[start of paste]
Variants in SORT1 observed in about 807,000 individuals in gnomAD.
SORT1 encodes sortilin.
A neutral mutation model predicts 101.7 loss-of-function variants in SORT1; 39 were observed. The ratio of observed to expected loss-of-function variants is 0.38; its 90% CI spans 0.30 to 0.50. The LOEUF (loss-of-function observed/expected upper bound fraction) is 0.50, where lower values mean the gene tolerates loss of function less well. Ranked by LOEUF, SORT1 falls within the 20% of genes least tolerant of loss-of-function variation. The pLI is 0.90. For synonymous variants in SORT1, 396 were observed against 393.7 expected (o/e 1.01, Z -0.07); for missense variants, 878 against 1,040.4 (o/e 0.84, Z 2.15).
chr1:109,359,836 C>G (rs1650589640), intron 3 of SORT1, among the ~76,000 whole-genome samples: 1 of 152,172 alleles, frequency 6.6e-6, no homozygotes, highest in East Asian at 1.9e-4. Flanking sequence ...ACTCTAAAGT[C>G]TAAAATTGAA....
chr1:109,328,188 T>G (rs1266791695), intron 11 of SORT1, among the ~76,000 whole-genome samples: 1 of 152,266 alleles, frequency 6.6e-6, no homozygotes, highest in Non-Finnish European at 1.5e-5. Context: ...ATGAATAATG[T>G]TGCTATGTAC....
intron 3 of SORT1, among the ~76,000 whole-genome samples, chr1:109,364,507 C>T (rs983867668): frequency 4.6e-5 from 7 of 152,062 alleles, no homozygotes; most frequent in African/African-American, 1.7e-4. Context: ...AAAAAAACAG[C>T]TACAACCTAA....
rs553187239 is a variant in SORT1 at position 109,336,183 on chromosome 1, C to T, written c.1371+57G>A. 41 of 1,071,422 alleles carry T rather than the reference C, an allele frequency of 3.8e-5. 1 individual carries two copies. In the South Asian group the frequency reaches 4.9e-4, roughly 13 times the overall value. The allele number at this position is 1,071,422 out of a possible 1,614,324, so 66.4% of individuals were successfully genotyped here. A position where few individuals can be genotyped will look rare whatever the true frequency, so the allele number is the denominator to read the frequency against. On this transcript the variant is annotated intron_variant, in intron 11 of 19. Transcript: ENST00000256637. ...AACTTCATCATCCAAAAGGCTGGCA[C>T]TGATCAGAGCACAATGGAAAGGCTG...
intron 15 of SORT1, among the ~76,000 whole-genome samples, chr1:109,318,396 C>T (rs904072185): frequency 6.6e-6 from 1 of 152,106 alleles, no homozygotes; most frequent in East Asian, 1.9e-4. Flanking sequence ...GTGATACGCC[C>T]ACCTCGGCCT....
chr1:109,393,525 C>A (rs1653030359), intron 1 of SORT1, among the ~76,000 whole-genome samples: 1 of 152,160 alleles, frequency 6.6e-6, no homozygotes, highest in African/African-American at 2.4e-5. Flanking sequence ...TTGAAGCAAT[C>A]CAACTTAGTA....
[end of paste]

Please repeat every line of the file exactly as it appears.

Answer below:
Variants in SORT1 observed in about 807,000 individuals in gnomAD.
SORT1 encodes sortilin.
A neutral mutation model predicts 101.7 loss-of-function variants in SORT1; 39 were observed. The ratio of observed to expected loss-of-function variants is 0.38; its 90% CI spans 0.30 to 0.50. The LOEUF (loss-of-function observed/expected upper bound fraction) is 0.50, where lower values mean the gene tolerates loss of function less well. Ranked by LOEUF, SORT1 falls within the 20% of genes least tolerant of loss-of-function variation. The pLI is 0.90. For synonymous variants in SORT1, 396 were observed against 393.7 expected (o/e 1.01, Z -0.07); for missense variants, 878 against 1,040.4 (o/e 0.84, Z 2.15).
chr1:109,359,836 C>G (rs1650589640), intron 3 of SORT1, among the ~76,000 whole-genome samples: 1 of 152,172 alleles, frequency 6.6e-6, no homozygotes, highest in East Asian at 1.9e-4. Flanking sequence ...ACTCTAAAGT[C>G]TAAAATTGAA....
chr1:109,328,188 T>G (rs1266791695), intron 11 of SORT1, among the ~76,000 whole-genome samples: 1 of 152,266 alleles, frequency 6.6e-6, no homozygotes, highest in Non-Finnish European at 1.5e-5. Context: ...ATGAATAATG[T>G]TGCTATGTAC....
intron 3 of SORT1, among the ~76,000 whole-genome samples, chr1:109,364,507 C>T (rs983867668): frequency 4.6e-5 from 7 of 152,062 alleles, no homozygotes; most frequent in African/African-American, 1.7e-4. Context: ...AAAAAAACAG[C>T]TACAACCTAA....
rs553187239 is a variant in SORT1 at position 109,336,183 on chromosome 1, C to T, written c.1371+57G>A. 41 of 1,071,422 alleles carry T rather than the reference C, an allele frequency of 3.8e-5. 1 individual carries two copies. In the South Asian group the frequency reaches 4.9e-4, roughly 13 times the overall value. The allele number at this position is 1,071,422 out of a possible 1,614,324, so 66.4% of individuals were successfully genotyped here. A position where few individuals can be genotyped will look rare whatever the true frequency, so the allele number is the denominator to read the frequency against. On this transcript the variant is annotated intron_variant, in intron 11 of 19. Transcript: ENST00000256637. ...AACTTCATCATCCAAAAGGCTGGCA[C>T]TGATCAGAGCACAATGGAAAGGCTG...
intron 15 of SORT1, among the ~76,000 whole-genome samples, chr1:109,318,396 C>T (rs904072185): frequency 6.6e-6 from 1 of 152,106 alleles, no homozygotes; most frequent in East Asian, 1.9e-4. Flanking sequence ...GTGATACGCC[C>T]ACCTCGGCCT....
chr1:109,393,525 C>A (rs1653030359), intron 1 of SORT1, among the ~76,000 whole-genome samples: 1 of 152,160 alleles, frequency 6.6e-6, no homozygotes, highest in African/African-American at 2.4e-5. Flanking sequence ...TTGAAGCAAT[C>A]CAACTTAGTA....